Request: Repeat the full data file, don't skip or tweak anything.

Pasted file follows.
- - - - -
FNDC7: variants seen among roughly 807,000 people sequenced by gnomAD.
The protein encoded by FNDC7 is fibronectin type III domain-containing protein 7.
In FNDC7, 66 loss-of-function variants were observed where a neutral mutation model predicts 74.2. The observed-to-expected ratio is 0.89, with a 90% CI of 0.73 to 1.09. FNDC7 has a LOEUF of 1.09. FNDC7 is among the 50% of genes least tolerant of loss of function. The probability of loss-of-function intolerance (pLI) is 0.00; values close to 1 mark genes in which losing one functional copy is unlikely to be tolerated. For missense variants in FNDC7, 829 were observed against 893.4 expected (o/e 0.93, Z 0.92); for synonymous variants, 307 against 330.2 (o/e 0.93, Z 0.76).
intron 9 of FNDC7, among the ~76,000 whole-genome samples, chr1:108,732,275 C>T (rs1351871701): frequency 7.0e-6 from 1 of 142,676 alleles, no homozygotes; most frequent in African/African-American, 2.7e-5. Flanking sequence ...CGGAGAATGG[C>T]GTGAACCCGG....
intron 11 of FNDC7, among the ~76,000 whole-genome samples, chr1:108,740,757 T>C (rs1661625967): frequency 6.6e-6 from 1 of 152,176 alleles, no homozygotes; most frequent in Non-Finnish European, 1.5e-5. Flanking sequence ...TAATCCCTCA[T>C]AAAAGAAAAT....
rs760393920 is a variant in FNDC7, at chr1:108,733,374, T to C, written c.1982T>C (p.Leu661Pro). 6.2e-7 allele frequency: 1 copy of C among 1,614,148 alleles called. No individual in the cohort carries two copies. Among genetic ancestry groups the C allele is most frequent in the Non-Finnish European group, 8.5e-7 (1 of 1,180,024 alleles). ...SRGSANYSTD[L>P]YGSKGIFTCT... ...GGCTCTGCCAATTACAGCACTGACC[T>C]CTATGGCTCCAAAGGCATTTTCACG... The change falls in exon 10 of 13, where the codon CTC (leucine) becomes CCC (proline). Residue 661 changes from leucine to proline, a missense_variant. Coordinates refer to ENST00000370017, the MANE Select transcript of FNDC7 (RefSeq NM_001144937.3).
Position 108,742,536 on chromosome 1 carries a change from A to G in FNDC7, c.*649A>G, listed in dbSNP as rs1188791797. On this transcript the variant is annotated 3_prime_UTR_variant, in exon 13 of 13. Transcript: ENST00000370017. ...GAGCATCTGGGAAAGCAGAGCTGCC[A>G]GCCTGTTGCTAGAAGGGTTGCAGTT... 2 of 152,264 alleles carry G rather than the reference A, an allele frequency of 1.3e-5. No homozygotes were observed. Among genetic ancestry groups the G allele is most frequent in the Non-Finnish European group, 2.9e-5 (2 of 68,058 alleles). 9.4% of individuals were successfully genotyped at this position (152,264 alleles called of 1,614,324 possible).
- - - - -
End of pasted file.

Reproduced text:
FNDC7: variants seen among roughly 807,000 people sequenced by gnomAD.
The protein encoded by FNDC7 is fibronectin type III domain-containing protein 7.
In FNDC7, 66 loss-of-function variants were observed where a neutral mutation model predicts 74.2. The observed-to-expected ratio is 0.89, with a 90% CI of 0.73 to 1.09. FNDC7 has a LOEUF of 1.09. FNDC7 is among the 50% of genes least tolerant of loss of function. The probability of loss-of-function intolerance (pLI) is 0.00; values close to 1 mark genes in which losing one functional copy is unlikely to be tolerated. For missense variants in FNDC7, 829 were observed against 893.4 expected (o/e 0.93, Z 0.92); for synonymous variants, 307 against 330.2 (o/e 0.93, Z 0.76).
intron 9 of FNDC7, among the ~76,000 whole-genome samples, chr1:108,732,275 C>T (rs1351871701): frequency 7.0e-6 from 1 of 142,676 alleles, no homozygotes; most frequent in African/African-American, 2.7e-5. Flanking sequence ...CGGAGAATGG[C>T]GTGAACCCGG....
intron 11 of FNDC7, among the ~76,000 whole-genome samples, chr1:108,740,757 T>C (rs1661625967): frequency 6.6e-6 from 1 of 152,176 alleles, no homozygotes; most frequent in Non-Finnish European, 1.5e-5. Flanking sequence ...TAATCCCTCA[T>C]AAAAGAAAAT....
rs760393920 is a variant in FNDC7, at chr1:108,733,374, T to C, written c.1982T>C (p.Leu661Pro). 6.2e-7 allele frequency: 1 copy of C among 1,614,148 alleles called. No individual in the cohort carries two copies. Among genetic ancestry groups the C allele is most frequent in the Non-Finnish European group, 8.5e-7 (1 of 1,180,024 alleles). ...SRGSANYSTD[L>P]YGSKGIFTCT... ...GGCTCTGCCAATTACAGCACTGACC[T>C]CTATGGCTCCAAAGGCATTTTCACG... The change falls in exon 10 of 13, where the codon CTC (leucine) becomes CCC (proline). Residue 661 changes from leucine to proline, a missense_variant. Coordinates refer to ENST00000370017, the MANE Select transcript of FNDC7 (RefSeq NM_001144937.3).
Position 108,742,536 on chromosome 1 carries a change from A to G in FNDC7, c.*649A>G, listed in dbSNP as rs1188791797. On this transcript the variant is annotated 3_prime_UTR_variant, in exon 13 of 13. Transcript: ENST00000370017. ...GAGCATCTGGGAAAGCAGAGCTGCC[A>G]GCCTGTTGCTAGAAGGGTTGCAGTT... 2 of 152,264 alleles carry G rather than the reference A, an allele frequency of 1.3e-5. No homozygotes were observed. Among genetic ancestry groups the G allele is most frequent in the Non-Finnish European group, 2.9e-5 (2 of 68,058 alleles). 9.4% of individuals were successfully genotyped at this position (152,264 alleles called of 1,614,324 possible).